Searching for silver linings on a cloudy, cloudy day: three jailed Pakistani cricketers, a system imprisoned by incompetence, and the possibility of respite.
I felt a little sick today as I scrolled through the tweets and learned that three of Pakistan’s best players in recent years would go to jail. There is a mixed sense of anger and injustice rippling through Pakistani fans, but more than anything else, there is a sinking feeling that we all hoped we would never have to experience again. As @madihariaz tweeted, ‘The whole of Pakistan just let out a collective sigh of ‘FUCK’.’*
Last year I wrote that the scandal had melted down my cricketing world, and again there is that indescribable feeling of sadness. I thought of Salman Butt scoring a century against India in that one-off ODI a few years ago, being groomed as captain, and being our only steady opener in years. I thought of Asif getting whipped in Australia, telling Bob Woolmer with characteristic confidence that he would be back, and proceeding to rip the heart out of every batting lineup he faced thereafter. I thought of Amir’s evident joie de vivre on the green, how the commentators salivated over him in the 2009 T20 World Cup, and how he magnificently fulfilled that promise in his first, and maybe last, English summer.
Now I’m thinking back to the joy that had enveloped Pakistan cricket in the summer of 2009, when England reverberated with the sounds of ‘Pakistan zindabad’ and a weary nation found the energy within itself to sing and dance the worries away with the most unlikely, and most Pakistani, victory imaginable.
Pakistan cricket is and has always been a rollercoaster, partly because of a national obsession with drama and thrill, partly because we have both incompetence and brilliance in ridiculous measure. This characteristic is now so ingrained that fans tend to view any semblance of consistency with suspicion above all**.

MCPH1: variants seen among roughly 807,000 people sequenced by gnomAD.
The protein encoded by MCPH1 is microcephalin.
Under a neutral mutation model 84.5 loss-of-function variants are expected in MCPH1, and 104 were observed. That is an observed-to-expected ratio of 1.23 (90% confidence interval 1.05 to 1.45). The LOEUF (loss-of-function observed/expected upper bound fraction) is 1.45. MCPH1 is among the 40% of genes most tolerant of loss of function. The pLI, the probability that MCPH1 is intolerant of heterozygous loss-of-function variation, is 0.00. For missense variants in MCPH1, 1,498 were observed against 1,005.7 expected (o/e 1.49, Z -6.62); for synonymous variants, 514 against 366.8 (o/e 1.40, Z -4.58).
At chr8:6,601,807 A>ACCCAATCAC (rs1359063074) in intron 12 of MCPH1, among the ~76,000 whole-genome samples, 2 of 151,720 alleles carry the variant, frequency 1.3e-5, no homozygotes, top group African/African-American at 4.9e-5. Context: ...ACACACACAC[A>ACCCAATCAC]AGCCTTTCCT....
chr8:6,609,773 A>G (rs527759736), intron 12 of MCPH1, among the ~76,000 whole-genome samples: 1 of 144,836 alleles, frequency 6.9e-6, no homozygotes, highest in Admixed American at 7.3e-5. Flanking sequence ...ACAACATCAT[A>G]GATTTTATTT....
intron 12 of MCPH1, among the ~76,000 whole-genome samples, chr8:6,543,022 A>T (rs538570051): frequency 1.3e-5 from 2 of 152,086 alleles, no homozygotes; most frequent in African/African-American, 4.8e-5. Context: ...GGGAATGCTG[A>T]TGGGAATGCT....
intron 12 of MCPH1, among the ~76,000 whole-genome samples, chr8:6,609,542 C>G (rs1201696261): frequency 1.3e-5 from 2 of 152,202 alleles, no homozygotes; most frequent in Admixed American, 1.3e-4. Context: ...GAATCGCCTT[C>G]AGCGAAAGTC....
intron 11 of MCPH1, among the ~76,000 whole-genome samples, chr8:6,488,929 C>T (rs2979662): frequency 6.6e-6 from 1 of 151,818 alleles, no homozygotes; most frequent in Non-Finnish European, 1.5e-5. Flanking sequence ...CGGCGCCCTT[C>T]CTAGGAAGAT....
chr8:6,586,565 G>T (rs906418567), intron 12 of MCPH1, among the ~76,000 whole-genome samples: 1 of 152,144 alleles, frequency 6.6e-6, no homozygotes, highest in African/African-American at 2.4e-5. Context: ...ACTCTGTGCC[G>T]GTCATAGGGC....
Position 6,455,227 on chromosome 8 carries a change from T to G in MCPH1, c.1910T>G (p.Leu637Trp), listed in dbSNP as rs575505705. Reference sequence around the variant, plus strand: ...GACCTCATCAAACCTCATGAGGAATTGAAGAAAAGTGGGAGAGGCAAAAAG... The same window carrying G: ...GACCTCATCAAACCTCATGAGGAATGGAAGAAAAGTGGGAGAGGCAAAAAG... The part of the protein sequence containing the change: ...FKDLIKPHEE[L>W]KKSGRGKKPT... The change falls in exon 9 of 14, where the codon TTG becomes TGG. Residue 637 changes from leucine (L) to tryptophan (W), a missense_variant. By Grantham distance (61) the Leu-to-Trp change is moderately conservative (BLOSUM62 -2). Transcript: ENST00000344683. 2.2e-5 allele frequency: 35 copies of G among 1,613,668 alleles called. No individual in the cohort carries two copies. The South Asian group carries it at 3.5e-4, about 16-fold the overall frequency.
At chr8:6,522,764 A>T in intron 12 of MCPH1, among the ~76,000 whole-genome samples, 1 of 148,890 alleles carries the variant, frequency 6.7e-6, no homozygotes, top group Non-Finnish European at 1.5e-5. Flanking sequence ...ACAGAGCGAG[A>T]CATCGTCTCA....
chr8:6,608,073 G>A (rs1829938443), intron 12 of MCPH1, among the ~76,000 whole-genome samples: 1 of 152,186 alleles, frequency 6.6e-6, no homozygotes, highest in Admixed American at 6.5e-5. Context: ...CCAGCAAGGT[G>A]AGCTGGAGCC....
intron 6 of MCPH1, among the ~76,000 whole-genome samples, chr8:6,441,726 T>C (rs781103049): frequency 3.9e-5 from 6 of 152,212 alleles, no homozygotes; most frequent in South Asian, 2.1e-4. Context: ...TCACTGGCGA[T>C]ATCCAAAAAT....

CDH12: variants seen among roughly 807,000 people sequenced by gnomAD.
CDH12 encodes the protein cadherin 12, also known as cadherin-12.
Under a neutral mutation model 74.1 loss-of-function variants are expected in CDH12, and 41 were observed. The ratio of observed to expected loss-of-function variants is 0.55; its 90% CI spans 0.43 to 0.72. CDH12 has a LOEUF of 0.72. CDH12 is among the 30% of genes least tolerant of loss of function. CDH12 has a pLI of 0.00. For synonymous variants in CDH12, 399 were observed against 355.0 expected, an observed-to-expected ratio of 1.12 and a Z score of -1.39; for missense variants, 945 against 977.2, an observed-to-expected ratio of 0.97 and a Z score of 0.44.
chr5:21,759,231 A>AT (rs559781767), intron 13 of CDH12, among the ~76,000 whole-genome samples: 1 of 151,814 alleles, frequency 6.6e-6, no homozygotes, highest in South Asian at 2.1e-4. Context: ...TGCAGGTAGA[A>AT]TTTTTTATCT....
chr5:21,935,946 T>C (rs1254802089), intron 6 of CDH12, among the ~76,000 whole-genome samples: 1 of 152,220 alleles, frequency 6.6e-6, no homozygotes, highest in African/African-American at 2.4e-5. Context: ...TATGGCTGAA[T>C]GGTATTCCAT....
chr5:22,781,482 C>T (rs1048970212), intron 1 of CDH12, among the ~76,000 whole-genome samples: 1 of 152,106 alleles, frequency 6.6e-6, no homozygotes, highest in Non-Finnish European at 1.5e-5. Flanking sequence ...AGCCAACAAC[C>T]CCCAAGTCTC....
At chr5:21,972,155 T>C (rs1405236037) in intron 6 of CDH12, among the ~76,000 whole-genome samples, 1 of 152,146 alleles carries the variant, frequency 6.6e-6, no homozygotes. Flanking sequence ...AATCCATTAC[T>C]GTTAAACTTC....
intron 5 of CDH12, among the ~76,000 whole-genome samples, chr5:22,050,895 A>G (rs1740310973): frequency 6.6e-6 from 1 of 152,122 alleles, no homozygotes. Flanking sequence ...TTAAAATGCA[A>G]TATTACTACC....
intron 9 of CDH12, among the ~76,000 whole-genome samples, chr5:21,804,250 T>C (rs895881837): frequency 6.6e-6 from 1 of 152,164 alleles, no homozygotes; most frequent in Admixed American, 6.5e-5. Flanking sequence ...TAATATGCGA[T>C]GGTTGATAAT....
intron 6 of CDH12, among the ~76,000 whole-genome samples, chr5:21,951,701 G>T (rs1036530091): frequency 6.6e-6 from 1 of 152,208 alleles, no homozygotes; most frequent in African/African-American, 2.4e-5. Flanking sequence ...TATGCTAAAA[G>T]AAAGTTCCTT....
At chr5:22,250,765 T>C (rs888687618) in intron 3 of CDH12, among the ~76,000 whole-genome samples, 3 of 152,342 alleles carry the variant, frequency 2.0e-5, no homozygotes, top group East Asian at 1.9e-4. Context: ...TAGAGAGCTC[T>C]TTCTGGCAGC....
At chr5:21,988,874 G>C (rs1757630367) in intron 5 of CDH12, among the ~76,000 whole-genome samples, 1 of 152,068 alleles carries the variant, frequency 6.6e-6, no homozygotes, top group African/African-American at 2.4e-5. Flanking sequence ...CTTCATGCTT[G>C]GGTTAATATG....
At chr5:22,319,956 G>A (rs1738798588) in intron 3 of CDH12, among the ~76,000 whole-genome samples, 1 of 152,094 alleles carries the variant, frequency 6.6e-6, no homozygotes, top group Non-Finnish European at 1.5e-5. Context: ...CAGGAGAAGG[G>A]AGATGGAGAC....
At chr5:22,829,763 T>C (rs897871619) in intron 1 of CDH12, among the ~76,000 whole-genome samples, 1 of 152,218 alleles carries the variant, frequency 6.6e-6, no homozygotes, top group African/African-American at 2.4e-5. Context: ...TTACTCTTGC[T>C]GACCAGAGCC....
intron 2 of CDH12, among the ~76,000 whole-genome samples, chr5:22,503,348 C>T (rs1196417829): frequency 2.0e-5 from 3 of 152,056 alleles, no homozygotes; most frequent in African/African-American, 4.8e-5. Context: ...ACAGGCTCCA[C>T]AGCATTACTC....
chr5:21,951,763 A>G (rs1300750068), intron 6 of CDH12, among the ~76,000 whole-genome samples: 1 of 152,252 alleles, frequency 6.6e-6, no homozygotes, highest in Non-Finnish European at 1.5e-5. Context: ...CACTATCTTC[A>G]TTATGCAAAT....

And I will now cling to this famous unpredictability to emerge with hope from the events of what has surely been the most dramatic cricket trial ever.
Could this represent a turning point in the PCB’s management of such issues? One of the most notable developments in the aftermath of the NOTW sting was the unprecedented pressure placed by the ICC and international cricket community on the PCB to change. Everyone recognized that a significant portion of the blame lay with a board that had often turned a blind eye to indiscipline and let off stars that were linked to match-fixing, and a number of changes were forced through.
Ijaz Butt hung on till the end of his tenure, though, and there is no guarantee that the system will improve as the new PCB head is another political appointment. However, there have been signs that the board is taking a much tougher stance. Malik, Kaneria and (Kamran) Akmal have been barred from playing on grounds of suspicion and have been forced to present police clearances. It’s also possible (though I confess ignorance) that Wahab Riaz’s exclusion from the ODI squad has more to do with his past connection with Mazhar Majeed than ‘fitness’.